The decision to choose between white gold and platinum has beenone of the long standing debates among couples when it comes to choosing an engagement ring. The colour and feel of the metal holding your precious diamond is very important, and it needs to be decided on. Based on this preference, couples then decide on the metal for their wedding rings.
The current trend suggests that whiteis the colour of choice for a very large percentage of consumers. To some, white suggests purity, peace and harmony in a relationship and is the preferred choice of numerous brides-to-be. This is especially true forengagement rings, the traditional symbol of love and commitment between two people. Even though 18k yellow gold is the true colour of gold, it still has alloys mixed with it to harden the metal so that it can be worked on. In the Victorian era, a small amount of gold was mixed with predominantly silver to create fine pieces of “white metal” jewellery. Since then, white has been a preferred colour among consumers, especially when looking for an engagement ring.
These days, with the advent of platinum jewellery, silver is hardly used to set diamonds and as silver is found in abundance, it has minimal intrinsic value at £10 an ounce. Raw 18k Gold is valued at £550 per ounce and raw platinum is priced at £600 per ounce.
To explain purity further, platinum is the purest form of metal used in jewellery at 95% purity. 18k white gold has alloys mixed so the gold percentage purity is only 75%.
At Marlow’s, we suggest you keep your preference clear as it can be easy to get confused while visiting numerous jewellers. Some will suggest platinum which may be more profitable for them citing that it’s far more expensive than gold (which is not true these days) and hence it will last more; some predominantly high street shops may suggest gold as it’s the traditional metal used, and others will stress on gold as they may not have a large selection of platinum settings. We feel that unless you have an allergy to some metals(which is extremely rare) or you prefer gold for religious reasons, stick to platinum. Platinum is stronger, heavier and more durable than gold or any other precious metal used in jewellery. As a result, a platinum ring will turn out to be much heavier in the same setting as gold and is therefore costlier than the gold setting. Even the labour cost associated with platinum jewellery is much higher than gold as only a few select jewellery manufacturers work with this metal, mostly because the initial investment in machinery is extremely high.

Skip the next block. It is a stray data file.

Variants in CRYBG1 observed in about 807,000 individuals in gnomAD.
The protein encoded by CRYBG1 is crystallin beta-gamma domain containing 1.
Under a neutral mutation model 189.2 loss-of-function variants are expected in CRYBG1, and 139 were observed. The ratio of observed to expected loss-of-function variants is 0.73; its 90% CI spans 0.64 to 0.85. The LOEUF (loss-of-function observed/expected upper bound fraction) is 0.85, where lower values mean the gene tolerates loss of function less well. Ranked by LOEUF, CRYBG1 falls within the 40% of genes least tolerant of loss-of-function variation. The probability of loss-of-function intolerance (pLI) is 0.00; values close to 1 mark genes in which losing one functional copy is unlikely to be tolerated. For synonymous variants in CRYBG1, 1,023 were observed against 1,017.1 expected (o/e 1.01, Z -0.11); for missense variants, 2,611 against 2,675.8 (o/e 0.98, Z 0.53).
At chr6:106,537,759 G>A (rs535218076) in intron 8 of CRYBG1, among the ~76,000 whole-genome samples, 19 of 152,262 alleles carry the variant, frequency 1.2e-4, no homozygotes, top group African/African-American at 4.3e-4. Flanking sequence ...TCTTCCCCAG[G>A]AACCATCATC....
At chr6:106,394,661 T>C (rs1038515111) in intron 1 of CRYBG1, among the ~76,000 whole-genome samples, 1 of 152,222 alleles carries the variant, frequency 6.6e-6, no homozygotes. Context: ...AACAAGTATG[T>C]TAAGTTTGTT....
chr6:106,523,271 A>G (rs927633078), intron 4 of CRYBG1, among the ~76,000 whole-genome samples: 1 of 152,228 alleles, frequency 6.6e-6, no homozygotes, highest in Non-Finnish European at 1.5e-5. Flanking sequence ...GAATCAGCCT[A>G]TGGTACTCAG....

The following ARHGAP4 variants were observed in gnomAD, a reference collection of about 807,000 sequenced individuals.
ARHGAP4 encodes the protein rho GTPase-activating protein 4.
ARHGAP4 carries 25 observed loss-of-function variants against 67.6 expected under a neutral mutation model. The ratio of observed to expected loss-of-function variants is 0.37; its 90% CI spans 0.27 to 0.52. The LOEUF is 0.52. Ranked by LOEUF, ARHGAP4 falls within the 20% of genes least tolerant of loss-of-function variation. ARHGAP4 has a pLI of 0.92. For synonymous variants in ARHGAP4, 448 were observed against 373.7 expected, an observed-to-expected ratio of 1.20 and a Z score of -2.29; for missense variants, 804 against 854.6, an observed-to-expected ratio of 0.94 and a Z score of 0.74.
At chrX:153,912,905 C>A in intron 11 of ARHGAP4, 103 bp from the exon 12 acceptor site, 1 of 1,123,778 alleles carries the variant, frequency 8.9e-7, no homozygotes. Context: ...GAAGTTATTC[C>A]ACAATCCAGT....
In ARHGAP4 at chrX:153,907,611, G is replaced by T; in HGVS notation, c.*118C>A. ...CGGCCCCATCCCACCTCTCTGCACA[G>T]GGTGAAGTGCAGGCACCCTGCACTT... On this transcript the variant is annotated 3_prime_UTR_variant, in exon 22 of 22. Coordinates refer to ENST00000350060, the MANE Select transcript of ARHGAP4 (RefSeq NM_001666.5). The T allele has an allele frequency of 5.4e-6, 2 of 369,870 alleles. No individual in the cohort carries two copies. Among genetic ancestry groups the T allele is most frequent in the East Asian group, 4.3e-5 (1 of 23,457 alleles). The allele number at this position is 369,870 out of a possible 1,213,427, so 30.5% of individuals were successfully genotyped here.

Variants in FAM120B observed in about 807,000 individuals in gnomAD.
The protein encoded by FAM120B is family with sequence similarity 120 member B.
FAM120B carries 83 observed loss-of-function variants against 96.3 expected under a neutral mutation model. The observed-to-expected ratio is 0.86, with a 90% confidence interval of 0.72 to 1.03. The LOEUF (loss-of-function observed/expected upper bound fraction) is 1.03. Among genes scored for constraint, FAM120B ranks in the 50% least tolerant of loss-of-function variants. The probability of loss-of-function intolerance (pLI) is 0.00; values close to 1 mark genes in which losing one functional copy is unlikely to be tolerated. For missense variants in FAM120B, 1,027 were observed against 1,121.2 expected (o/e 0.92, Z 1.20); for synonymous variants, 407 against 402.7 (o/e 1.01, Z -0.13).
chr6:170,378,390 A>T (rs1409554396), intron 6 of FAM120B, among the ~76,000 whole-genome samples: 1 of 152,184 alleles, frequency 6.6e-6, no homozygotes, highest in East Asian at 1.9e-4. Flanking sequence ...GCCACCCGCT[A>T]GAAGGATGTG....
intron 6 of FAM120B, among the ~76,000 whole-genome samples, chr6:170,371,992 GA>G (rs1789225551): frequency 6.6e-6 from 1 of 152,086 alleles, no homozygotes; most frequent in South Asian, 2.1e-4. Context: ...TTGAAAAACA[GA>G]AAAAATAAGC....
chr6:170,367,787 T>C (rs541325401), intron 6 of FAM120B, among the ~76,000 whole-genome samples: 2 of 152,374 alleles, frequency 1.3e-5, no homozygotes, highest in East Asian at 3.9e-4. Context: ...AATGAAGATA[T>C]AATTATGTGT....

We feel platinum is worth this higher cost in the long run as it will remain white forever while gold will eventually turn yellowish,even while used withhigh grade alloys as the white rhodium platingwill eventually start to wear out. Even though we stock all settings in 18k white and yellow gold, as well as platinum, we always recommend a platinum setting where feasible (very intricate designs cannot be made in platinum).
Like your precious diamond, yourplatinum will never lose its sparkle – ithas the highest form of purity among metals, and it goes along with our theme of Inspiring a Generation of Love,and symbolises purity, strength, resolve and commitment towards your near and dear ones.
If you are still contemplating choosing the right metal for you, feel free to contact us and we will help guide you through the right choices based on your preferences.